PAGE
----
Newly revitalized into a quaint and trendy shopping district, explore Hood River with a tour of the downtown historic district, which includes the Railroad, a National Historic District. The Railroad serves as an economic life-line for the valley, transporting fruit and forest products to market since 1906. The Mount Hood Railroad's scenic excursion tours now offer visitors breathtaking scenery from Hood River through meadows and orchards to the base of Mt. Hood.
From the intersection of Hwy 35 and Hwy 30, turn west on to Hwy 30. Follow Hwy 30 into downtown Hood River, turning right (north) at 2nd Street, then right again on Railroad Avenue to access the Depot.
Mt. Hood Cultural Center and Museum (OR)
The Mt. Hood Cultural Center and Museum is the centerpiece of history, culture, and mountain geology for the Government Camp community at the 4,000 foot level of Mt. Hood. Mt. Hood history is kept alive through the events, stories, exhibits and artifacts from the region housed in this former B&B. The museum features photographs, artifacts and reference books for additional research, and houses a display of original Ray Atkeson photos, a renowned photographer from 1928 to the 1960s.
The Mt. Hood Cultural Center and Museum is located at 88900 E. Hwy 26, Business Loop in Government Camp, Oregon.
Panorama Point County Park and Viewpoint (OR)
A quick trip up to Panorama Point offers the best views of the Hood River Valley stretching from the summit of Mt. Hood to the Columbia River Gorge. Park facilities and interpretive signs offer geological history of the Hood River Valley. The view features more than 15,000 acres of orchards and vineyards that make up the area's agricultural economy. In spring, the fruit trees in bloom offer a photo opportunity not to be missed.
From Hwy 35, turn east on Whiskey Creek Road and follow the signs to Panorama Point.
Philip Foster's 1847 farm was the first real civilization the pioneers encountered after their 2,000 mile trek west. Located on the Barlow Road, the Foster Farm hosted an estimated 10,000 exhausted pioneers. Visitors can explore the house, barn, store, blacksmith shop and participate in daily chores and activities that were a part of early pioneer life. The garden is home to the oldest lilac in Oregon, carried by Mrs. Foster on the sea voyage from Maine around Cape Horn.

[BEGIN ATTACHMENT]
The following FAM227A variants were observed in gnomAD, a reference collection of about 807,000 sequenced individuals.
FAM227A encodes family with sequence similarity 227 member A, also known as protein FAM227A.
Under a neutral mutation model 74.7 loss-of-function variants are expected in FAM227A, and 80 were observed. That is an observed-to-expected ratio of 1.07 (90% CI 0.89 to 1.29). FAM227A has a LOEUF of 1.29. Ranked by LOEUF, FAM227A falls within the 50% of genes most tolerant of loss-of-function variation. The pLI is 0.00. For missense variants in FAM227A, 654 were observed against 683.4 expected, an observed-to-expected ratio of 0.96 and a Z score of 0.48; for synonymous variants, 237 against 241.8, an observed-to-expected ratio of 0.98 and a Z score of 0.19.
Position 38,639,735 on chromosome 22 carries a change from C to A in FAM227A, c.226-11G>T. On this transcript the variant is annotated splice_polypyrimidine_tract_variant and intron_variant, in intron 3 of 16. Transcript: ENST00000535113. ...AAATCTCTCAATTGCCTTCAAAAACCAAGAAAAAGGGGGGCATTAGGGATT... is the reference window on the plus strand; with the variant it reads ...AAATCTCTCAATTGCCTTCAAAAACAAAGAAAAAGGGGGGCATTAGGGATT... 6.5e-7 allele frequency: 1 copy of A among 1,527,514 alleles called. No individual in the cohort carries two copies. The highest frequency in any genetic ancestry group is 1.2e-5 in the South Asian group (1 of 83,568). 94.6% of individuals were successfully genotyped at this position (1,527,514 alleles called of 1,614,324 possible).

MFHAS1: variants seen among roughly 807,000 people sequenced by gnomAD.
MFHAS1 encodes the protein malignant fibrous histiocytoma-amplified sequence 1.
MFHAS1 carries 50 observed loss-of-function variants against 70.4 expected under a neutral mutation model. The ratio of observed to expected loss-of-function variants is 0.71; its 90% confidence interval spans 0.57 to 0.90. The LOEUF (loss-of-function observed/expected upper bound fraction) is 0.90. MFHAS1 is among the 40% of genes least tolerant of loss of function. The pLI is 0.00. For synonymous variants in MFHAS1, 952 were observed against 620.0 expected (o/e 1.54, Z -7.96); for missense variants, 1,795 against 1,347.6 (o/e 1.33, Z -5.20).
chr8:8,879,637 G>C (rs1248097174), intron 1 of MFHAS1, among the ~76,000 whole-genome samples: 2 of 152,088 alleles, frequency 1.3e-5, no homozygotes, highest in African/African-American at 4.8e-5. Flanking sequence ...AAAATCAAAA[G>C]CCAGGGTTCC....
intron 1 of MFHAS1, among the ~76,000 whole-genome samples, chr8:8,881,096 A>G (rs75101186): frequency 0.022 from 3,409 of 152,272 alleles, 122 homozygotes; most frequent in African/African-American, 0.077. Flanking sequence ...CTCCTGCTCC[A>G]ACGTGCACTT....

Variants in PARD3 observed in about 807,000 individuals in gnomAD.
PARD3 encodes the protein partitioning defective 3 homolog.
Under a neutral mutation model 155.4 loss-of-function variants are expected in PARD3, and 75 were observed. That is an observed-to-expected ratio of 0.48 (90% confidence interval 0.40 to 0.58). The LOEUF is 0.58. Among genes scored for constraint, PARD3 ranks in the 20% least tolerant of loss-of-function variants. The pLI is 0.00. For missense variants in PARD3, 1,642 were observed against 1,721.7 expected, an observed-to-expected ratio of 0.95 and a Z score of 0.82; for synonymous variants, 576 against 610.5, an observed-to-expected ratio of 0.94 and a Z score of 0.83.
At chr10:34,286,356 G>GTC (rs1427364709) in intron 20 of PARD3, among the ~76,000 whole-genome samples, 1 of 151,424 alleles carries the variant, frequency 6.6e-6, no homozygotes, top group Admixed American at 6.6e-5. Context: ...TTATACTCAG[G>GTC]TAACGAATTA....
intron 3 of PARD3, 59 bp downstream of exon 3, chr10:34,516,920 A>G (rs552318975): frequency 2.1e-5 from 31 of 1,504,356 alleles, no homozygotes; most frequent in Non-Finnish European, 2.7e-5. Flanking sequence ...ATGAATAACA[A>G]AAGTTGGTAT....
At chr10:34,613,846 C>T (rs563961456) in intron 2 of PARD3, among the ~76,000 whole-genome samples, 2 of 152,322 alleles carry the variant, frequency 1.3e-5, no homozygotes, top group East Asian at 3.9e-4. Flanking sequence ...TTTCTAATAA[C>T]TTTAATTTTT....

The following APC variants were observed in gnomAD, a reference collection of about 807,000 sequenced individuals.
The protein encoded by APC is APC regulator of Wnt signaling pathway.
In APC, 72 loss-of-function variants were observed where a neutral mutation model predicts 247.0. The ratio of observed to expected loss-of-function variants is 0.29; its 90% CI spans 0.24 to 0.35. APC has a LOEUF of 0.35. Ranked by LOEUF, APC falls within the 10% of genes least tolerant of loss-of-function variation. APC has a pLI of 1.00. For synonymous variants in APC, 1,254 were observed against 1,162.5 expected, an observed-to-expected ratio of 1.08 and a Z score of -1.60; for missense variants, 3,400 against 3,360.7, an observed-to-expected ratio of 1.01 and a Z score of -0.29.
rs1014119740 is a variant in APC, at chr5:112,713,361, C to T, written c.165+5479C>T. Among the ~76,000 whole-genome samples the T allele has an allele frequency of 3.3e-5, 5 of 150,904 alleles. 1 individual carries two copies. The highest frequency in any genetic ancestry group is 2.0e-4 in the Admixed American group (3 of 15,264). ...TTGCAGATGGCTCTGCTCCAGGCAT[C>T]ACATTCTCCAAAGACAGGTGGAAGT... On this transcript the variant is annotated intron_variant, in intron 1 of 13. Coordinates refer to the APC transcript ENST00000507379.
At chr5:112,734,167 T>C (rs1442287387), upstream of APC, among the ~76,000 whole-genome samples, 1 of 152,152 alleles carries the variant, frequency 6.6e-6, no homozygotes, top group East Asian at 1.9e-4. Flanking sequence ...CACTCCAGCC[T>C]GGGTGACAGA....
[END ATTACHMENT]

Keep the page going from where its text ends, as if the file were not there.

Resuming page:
Traveling east on Hwy 26 through Sandy, turn right at the intersection of Hwy 211. Travel 6 miles south to Eagle Creek at the intersection of Hwy 211 and Hwy 224.
Sahalie Falls (OR)
Sahalie Falls is a perennial horsetail waterfall fed by the Newton Clark Glacier and flows into the east fork of the Hood River. The falls are 100' high and 20' wide. This is an enchanting waterfall, surrounded by subalpine trees and bushes. The road takes travelers to a pedestrian bridge for viewing the falls from high above its pool. Just north of the Mt. Hood Meadows access road, travelers can access Sahalie Falls for a brief respite and photo opportunity.
Tamanawas Falls (OR)
Just north of the Sherwood campground is the Tamanawas Falls trailhead. A moderate two mile (four miles round trip) hiking trail leads visitors along Cold Springs Creek, over four wooden footbridges to the striking 100 foot falls. Total elevation gain is only 400 feet. There are several places where hikers can find easy access to scenic streamside settings; perfect spots for a few photos, a snack break, or just a chance to stop and enjoy the incredible natural surroundings.
The drive can be made a loop by connecting back to Troutdale via I-84 or The Columbia River Scenic Byway from Hood River which will add another 43 miles.